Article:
He says a takeover would have had a "negative impact". Raising standards has been done through "a lot of hard work" on the culture, teaching and learning in the school, and with a "supportive local authority", he says.
The school has also focused on the children's well-being and creating a calming environment.
Schools should be judged on a "broad measure of progress, not just crude statistics", he says.
The academies programme can be a "quick fix", but "it's not a silver bullet", he adds.
This enables them to extend the school day, run catch-up classes at the weekend or bring in expert psychologists and social workers, Mr Gove said.
He said 88 academies with outside sponsors had been set up in the 2011-12 academic year, bringing the total to 362.'Confusion and distress'
Under Labour, the academies programme was focused on underperforming schools, but the coalition has widened it to all schools, with an initial focus on those rated "outstanding" by the schools watchdog Ofsted.
The total number of academies has now risen to 704, up from 203 a year ago, with applications submitted by a further 814 schools.
However, there are so far only about 100 primary academies open.
The National Union of Teachers accused Mr Gove of "breathtaking ignorance" in his belief that compelling primary schools to become academies would improve standards.
"The evidence does not support this," said general secretary Christine Blower.
"This is a totally unacceptable experiment to undertake with our primary school children."
"Simply closing schools and replacing them with academies will not have the impact sought but will cause a great deal of confusion and distress for parents, pupils and staff," she said.
The Association of School and College Leaders said it had "grave reservations" about the government's "simplistic approach".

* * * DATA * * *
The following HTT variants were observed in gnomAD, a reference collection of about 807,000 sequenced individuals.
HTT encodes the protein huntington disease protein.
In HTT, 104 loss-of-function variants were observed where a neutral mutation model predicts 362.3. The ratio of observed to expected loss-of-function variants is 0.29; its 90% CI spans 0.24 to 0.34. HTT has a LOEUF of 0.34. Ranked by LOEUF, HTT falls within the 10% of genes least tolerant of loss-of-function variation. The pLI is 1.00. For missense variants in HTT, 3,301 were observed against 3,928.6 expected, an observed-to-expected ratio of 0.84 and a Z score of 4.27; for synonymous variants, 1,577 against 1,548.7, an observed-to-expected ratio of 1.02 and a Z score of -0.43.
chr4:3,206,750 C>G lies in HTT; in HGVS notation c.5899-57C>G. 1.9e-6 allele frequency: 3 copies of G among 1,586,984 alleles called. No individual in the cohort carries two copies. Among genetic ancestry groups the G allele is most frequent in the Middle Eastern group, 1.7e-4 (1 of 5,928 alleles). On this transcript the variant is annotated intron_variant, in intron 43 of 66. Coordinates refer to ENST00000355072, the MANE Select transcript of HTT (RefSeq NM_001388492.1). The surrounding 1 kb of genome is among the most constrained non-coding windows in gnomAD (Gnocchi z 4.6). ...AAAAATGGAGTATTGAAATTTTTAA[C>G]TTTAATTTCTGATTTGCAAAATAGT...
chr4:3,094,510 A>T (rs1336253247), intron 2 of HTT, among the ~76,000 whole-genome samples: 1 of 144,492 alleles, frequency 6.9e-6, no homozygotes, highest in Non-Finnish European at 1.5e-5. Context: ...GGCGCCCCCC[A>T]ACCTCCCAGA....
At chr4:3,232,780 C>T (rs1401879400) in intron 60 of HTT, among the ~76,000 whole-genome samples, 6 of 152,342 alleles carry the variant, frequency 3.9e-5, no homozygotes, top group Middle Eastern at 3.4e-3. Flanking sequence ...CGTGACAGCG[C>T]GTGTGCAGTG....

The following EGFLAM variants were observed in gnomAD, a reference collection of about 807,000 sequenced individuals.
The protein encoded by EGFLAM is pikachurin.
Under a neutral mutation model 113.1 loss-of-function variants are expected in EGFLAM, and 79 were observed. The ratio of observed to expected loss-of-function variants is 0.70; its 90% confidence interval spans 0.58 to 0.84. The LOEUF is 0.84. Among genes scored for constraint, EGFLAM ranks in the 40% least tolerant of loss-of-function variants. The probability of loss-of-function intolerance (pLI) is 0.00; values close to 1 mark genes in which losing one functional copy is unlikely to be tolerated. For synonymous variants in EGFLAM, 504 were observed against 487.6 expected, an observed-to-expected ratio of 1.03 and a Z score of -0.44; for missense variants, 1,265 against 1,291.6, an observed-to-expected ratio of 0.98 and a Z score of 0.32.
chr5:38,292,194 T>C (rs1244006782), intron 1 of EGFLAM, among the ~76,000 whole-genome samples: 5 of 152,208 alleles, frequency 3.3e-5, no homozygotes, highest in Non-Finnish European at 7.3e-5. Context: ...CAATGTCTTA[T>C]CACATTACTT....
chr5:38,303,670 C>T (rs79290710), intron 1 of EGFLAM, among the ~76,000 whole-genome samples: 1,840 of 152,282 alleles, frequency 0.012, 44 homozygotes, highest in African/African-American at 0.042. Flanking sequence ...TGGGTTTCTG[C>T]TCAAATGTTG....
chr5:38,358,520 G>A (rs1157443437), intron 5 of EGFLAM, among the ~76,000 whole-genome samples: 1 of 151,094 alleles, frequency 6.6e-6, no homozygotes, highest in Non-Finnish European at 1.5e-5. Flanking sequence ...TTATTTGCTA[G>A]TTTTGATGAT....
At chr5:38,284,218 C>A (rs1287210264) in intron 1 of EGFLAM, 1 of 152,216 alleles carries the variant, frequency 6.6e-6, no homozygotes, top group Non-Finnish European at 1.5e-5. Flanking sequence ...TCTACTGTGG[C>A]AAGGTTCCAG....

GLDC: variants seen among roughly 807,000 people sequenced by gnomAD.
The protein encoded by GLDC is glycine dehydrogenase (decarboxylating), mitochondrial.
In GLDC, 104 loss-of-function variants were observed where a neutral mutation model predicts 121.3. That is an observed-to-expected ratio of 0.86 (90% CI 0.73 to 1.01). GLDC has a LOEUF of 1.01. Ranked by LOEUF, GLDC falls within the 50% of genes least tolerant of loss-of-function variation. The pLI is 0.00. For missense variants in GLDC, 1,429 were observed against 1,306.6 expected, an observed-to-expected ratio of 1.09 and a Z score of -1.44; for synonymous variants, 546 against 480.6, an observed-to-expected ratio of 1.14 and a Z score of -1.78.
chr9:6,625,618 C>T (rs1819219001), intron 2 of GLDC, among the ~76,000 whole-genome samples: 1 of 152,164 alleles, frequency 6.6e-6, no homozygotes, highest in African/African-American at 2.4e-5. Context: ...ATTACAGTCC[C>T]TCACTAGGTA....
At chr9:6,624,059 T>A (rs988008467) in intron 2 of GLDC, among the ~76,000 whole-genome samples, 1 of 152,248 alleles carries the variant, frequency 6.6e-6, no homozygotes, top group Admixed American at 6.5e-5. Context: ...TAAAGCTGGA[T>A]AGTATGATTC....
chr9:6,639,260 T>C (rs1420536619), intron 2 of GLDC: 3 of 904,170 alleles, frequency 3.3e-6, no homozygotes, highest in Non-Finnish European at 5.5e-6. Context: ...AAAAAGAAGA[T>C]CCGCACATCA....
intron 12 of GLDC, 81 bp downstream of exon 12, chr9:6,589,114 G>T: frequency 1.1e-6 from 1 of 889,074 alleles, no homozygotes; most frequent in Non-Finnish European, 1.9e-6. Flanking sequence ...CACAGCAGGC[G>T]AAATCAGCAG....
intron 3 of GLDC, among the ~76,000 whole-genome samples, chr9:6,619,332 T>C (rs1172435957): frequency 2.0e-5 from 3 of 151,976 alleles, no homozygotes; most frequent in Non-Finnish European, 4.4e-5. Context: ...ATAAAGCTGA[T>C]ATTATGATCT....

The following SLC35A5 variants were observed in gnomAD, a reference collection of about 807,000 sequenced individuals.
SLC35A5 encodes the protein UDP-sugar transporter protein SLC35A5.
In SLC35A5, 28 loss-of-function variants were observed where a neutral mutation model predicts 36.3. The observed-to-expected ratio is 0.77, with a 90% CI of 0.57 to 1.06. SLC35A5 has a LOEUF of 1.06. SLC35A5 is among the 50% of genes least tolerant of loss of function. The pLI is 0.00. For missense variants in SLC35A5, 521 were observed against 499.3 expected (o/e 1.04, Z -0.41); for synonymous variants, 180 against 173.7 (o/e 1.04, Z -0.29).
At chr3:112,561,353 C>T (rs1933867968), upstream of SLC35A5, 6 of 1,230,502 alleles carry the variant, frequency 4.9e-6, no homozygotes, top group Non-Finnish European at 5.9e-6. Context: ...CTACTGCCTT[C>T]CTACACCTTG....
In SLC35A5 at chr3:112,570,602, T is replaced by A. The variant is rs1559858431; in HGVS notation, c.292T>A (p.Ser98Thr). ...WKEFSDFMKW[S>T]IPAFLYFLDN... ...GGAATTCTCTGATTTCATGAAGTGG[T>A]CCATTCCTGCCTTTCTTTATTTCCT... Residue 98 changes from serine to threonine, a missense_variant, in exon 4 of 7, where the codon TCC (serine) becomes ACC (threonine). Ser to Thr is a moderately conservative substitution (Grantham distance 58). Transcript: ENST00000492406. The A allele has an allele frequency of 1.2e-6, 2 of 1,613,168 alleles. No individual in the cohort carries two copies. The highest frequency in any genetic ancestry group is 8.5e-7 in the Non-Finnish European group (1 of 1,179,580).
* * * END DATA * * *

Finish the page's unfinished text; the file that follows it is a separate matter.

Its general secretary, Brian Lightman, said: "Schools will only improve with the full commitment and buy-in of those who lead them. Takeover threats and perverse incentives do not achieve this. They alienate professionals, not engage them."
Association of Teachers and Lecturers (ATL) deputy general secretary Martin Johnson said Mr Gove was "using draconian powers he has given himself in the Education Bill to run schools from Whitehall".
"Closing and opening schools and finding sponsors for them on this scale will be a logistical nightmare. Once again, Michael Gove is making up policy on the hoof and leaving others to sort out the mess," he said.
But National Association of Head Teachers general secretary Russell Hobby said: "If a school remains far below the floor standards for years, with no sign of improvement, and if it has had good quality support, then of course we need a radical solution."
And Specialist Schools and Academies Trust chief executive Elizabeth Reid said academies set up to replace failing schools had "shown dramatic improvements in many cases".
"The same 'can-do' attitude and drive to succeed which has transformed education in those schools can be transferred to persistently underperforming primary schools," she said.Floor targets
Mr Gove argues that academies drive up standards, but critics say they risk fragmenting state education by undermining the role of the local authority.
On Wednesday it was revealed Mr Gove wanted to raise the floor target for secondary schools to having to secure five good GCSEs for at least 50% of pupils.
At present a school is assessed as underperforming if fewer than 35% of pupils get five GCSEs at grades A* to C, including maths and English.
For primary schools, the target is 60% of pupils achieving level four in English and maths in the national curriculum tests known as Sats.
Also, for either a primary or a secondary school to be considered underperforming, more pupils than the national average must be failing to make the expected amount of progress in maths and English.